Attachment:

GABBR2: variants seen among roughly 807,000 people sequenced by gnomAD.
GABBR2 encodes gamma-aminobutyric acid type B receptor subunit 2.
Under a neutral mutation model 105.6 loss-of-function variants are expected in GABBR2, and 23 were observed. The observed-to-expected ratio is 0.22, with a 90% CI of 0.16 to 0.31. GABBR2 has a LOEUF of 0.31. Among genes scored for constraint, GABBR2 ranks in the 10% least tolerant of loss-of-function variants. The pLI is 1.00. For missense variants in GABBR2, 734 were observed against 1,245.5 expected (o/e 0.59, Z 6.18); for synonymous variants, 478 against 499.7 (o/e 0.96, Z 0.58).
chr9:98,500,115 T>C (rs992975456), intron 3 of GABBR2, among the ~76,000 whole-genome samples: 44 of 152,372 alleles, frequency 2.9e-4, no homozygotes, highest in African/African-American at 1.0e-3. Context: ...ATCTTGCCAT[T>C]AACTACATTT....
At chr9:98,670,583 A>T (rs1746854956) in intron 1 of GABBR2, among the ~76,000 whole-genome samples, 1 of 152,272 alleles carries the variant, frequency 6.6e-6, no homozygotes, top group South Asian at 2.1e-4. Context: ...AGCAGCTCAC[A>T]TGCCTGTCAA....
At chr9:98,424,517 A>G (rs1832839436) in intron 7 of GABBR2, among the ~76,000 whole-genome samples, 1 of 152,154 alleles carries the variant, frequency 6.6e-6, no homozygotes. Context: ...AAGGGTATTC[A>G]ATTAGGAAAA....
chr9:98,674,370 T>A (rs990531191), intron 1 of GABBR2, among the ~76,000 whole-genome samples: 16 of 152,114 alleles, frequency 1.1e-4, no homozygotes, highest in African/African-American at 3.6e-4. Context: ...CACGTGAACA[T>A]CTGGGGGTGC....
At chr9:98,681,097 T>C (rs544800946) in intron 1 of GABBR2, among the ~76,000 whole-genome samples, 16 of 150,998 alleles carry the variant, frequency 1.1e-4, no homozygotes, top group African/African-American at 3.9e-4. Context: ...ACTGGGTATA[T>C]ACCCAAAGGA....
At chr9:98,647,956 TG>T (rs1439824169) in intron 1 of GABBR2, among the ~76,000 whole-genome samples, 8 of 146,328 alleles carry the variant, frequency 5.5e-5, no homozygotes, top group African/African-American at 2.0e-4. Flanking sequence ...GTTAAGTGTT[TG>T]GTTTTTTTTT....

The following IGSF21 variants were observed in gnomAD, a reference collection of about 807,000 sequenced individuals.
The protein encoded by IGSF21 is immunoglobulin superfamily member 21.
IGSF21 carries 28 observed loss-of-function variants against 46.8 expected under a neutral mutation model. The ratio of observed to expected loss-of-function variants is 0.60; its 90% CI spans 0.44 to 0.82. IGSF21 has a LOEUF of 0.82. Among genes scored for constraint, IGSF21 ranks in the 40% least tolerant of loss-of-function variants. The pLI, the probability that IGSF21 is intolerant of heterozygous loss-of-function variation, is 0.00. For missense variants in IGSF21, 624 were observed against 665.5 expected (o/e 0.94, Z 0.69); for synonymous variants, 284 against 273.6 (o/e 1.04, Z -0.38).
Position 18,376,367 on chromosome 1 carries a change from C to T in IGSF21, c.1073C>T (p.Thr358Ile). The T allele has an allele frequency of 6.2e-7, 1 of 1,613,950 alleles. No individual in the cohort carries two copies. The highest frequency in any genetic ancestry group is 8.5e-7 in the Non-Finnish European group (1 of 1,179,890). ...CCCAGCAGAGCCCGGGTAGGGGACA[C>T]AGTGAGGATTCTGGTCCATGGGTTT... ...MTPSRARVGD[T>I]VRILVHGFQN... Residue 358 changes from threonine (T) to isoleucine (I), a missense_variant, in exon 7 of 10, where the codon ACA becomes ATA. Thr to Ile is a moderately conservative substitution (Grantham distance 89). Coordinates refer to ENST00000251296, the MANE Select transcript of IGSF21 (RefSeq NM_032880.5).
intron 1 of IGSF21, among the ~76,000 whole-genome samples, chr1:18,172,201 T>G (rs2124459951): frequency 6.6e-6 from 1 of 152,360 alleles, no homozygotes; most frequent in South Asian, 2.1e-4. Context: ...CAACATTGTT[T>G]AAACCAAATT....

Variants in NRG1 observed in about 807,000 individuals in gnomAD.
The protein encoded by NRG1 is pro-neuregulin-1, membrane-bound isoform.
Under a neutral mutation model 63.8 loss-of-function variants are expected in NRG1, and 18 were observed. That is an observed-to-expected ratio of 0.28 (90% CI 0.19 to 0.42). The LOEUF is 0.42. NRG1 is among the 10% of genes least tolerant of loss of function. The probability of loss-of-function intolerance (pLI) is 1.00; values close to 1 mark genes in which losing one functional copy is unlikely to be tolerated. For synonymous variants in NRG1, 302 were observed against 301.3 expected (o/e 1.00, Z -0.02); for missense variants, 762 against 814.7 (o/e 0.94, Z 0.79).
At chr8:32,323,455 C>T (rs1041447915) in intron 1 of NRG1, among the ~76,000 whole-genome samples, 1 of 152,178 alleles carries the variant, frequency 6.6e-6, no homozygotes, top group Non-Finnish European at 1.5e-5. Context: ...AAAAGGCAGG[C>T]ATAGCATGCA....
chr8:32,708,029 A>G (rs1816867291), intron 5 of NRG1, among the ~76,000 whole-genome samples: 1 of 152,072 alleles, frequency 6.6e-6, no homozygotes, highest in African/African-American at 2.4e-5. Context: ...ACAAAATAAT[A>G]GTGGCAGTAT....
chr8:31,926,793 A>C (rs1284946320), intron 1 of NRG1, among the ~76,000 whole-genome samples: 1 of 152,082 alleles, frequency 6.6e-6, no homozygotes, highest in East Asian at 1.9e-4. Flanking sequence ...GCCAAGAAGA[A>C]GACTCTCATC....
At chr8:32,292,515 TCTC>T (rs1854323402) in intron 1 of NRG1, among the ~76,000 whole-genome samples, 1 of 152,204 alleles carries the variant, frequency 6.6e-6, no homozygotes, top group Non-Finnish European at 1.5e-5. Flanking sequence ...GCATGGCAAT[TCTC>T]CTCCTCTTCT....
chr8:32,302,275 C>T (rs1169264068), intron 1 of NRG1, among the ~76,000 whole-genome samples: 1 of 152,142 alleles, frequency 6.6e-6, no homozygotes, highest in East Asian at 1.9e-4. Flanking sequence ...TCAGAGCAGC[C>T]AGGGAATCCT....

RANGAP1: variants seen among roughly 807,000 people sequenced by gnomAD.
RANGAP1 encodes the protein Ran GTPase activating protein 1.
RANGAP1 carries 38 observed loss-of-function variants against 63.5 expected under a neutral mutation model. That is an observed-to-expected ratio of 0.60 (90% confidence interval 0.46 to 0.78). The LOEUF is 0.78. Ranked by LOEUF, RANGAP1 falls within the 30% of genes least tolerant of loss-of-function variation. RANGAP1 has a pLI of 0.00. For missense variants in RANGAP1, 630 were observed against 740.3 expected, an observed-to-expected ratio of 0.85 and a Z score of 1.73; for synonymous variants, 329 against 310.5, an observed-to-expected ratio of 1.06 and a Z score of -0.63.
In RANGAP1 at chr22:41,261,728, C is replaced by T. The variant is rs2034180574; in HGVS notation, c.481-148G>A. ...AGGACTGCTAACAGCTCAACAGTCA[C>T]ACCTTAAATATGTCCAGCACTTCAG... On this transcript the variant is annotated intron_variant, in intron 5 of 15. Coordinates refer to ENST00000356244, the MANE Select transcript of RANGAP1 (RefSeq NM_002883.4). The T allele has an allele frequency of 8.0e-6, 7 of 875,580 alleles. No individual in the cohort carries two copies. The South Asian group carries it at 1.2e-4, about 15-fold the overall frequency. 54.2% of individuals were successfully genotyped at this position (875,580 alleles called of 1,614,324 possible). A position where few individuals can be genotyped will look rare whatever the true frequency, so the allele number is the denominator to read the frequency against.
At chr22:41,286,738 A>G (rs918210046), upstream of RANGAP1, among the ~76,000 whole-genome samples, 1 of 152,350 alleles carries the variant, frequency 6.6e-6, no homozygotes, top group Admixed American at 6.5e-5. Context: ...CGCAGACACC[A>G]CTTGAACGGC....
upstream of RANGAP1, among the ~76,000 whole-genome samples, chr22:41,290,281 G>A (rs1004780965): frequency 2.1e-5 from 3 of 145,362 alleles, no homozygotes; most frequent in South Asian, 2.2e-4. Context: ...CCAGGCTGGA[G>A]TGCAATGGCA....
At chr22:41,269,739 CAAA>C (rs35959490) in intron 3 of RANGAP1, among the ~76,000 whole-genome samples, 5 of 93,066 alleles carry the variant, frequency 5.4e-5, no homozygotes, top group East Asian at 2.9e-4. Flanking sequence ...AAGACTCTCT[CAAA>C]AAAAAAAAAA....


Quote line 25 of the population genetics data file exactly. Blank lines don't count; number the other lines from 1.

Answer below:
RANGAP1 carries 38 observed loss-of-function variants against 63.5 expected under a neutral mutation model. That is an observed-to-expected ratio of 0.60 (90% confidence interval 0.46 to 0.78). The LOEUF is 0.78. Ranked by LOEUF, RANGAP1 falls within the 30% of genes least tolerant of loss-of-function variation. RANGAP1 has a pLI of 0.00. For missense variants in RANGAP1, 630 were observed against 740.3 expected, an observed-to-expected ratio of 0.85 and a Z score of 1.73; for synonymous variants, 329 against 310.5, an observed-to-expected ratio of 1.06 and a Z score of -0.63.